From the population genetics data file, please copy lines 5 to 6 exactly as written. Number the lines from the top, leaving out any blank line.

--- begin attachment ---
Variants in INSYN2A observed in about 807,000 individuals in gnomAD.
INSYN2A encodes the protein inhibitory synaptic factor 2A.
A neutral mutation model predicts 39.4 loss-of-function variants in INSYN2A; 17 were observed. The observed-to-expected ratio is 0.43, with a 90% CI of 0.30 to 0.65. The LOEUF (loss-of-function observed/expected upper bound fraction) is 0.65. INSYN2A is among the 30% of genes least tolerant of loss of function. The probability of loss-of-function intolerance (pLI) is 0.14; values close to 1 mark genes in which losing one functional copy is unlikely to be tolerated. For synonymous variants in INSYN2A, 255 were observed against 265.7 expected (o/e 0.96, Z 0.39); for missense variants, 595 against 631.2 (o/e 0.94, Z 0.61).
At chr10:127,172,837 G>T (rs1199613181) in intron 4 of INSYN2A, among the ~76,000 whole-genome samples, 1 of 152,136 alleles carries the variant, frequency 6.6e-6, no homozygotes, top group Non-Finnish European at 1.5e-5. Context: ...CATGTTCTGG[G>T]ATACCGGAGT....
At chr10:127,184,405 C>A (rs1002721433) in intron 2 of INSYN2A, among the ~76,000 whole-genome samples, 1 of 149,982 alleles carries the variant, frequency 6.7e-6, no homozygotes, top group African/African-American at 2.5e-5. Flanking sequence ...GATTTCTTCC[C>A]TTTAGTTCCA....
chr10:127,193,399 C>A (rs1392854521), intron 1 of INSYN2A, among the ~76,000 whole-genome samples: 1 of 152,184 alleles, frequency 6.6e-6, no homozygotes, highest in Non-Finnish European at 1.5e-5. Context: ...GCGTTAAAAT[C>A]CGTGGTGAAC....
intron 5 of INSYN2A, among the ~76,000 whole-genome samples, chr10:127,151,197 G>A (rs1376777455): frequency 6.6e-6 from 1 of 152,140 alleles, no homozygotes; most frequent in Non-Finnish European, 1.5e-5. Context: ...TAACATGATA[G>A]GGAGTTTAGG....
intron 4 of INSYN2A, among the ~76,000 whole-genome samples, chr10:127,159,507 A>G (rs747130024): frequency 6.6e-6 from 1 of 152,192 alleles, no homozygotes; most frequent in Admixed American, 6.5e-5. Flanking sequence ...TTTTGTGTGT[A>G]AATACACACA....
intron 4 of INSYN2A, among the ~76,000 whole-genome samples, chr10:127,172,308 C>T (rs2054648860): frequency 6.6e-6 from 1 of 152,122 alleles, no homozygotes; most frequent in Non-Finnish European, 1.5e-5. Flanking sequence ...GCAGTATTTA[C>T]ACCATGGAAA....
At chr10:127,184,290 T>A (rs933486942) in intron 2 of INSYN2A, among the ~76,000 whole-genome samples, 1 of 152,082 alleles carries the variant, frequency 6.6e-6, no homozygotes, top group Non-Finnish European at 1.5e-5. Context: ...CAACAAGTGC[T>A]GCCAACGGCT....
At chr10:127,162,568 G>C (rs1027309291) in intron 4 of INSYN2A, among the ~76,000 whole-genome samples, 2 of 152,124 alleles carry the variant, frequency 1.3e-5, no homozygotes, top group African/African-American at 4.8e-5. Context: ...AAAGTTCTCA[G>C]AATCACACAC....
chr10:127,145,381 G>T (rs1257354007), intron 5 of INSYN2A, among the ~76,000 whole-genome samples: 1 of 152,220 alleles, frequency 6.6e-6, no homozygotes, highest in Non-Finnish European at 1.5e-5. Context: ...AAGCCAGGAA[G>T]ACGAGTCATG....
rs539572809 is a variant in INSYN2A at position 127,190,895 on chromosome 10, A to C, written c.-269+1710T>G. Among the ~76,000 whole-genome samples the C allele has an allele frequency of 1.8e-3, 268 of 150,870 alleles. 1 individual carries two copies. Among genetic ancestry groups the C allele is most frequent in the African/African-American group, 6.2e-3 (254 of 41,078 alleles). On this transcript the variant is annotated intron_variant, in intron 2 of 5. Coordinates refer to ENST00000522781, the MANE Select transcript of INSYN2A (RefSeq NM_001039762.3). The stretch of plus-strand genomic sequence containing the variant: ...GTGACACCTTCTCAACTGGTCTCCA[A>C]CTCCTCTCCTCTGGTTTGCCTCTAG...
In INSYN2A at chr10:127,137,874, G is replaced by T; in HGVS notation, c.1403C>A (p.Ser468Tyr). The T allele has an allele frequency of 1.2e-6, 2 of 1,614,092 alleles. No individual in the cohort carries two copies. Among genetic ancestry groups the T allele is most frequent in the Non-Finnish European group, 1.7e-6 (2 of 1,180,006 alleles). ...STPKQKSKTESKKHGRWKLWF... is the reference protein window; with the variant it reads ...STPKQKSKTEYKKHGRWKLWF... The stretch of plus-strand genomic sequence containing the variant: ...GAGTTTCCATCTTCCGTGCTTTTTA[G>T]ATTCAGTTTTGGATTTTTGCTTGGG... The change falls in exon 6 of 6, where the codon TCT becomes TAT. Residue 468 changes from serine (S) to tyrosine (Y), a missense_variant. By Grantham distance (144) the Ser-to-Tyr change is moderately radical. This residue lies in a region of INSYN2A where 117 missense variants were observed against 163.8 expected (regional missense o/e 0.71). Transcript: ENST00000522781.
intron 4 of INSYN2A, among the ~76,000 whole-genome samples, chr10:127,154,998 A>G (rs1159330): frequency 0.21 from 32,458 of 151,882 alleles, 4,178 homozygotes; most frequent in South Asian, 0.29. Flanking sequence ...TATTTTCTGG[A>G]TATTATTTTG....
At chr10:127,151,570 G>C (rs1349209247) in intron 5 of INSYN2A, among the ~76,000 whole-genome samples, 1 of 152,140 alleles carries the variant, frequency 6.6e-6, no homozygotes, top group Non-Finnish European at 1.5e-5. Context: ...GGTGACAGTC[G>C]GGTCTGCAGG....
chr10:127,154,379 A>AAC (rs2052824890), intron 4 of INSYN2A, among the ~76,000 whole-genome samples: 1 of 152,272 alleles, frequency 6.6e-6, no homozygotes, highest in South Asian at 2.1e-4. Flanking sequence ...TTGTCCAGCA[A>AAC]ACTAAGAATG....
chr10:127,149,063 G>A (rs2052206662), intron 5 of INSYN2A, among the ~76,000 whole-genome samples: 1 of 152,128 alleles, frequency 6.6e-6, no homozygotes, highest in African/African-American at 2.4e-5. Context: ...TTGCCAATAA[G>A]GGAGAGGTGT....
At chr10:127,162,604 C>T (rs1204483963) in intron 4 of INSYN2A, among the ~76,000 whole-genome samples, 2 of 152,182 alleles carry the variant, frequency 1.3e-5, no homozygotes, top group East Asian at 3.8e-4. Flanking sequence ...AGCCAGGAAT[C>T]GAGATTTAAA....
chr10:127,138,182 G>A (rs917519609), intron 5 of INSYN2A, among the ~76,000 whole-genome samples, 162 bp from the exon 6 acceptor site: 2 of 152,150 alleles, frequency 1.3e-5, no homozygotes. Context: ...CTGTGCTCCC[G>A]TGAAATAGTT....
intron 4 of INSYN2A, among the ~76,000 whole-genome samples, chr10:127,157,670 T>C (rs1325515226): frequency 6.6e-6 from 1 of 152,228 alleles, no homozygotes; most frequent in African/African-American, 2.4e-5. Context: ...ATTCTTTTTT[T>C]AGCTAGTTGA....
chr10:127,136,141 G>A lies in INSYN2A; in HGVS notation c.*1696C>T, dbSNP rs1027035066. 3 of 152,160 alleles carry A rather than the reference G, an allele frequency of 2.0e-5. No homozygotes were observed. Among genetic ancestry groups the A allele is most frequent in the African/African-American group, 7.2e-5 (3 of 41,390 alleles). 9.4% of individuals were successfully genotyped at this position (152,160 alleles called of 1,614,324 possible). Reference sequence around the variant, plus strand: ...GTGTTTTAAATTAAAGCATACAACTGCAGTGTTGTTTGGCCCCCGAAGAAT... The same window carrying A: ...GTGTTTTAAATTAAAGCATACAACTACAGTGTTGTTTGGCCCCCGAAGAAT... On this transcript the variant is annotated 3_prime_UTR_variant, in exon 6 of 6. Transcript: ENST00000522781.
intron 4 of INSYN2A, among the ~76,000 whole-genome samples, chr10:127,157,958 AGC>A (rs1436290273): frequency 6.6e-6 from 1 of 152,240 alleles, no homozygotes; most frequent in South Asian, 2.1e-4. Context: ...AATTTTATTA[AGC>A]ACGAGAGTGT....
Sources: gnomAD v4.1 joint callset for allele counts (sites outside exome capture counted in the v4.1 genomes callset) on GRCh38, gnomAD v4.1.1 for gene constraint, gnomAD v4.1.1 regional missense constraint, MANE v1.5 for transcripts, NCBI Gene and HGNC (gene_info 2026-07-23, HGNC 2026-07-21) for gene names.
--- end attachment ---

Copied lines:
At chr10:127,184,405 C>A (rs1002721433) in intron 2 of INSYN2A, among the ~76,000 whole-genome samples, 1 of 149,982 alleles carries the variant, frequency 6.7e-6, no homozygotes, top group African/African-American at 2.5e-5. Flanking sequence ...GATTTCTTCC[C>A]TTTAGTTCCA....
chr10:127,193,399 C>A (rs1392854521), intron 1 of INSYN2A, among the ~76,000 whole-genome samples: 1 of 152,184 alleles, frequency 6.6e-6, no homozygotes, highest in Non-Finnish European at 1.5e-5. Context: ...GCGTTAAAAT[C>A]CGTGGTGAAC....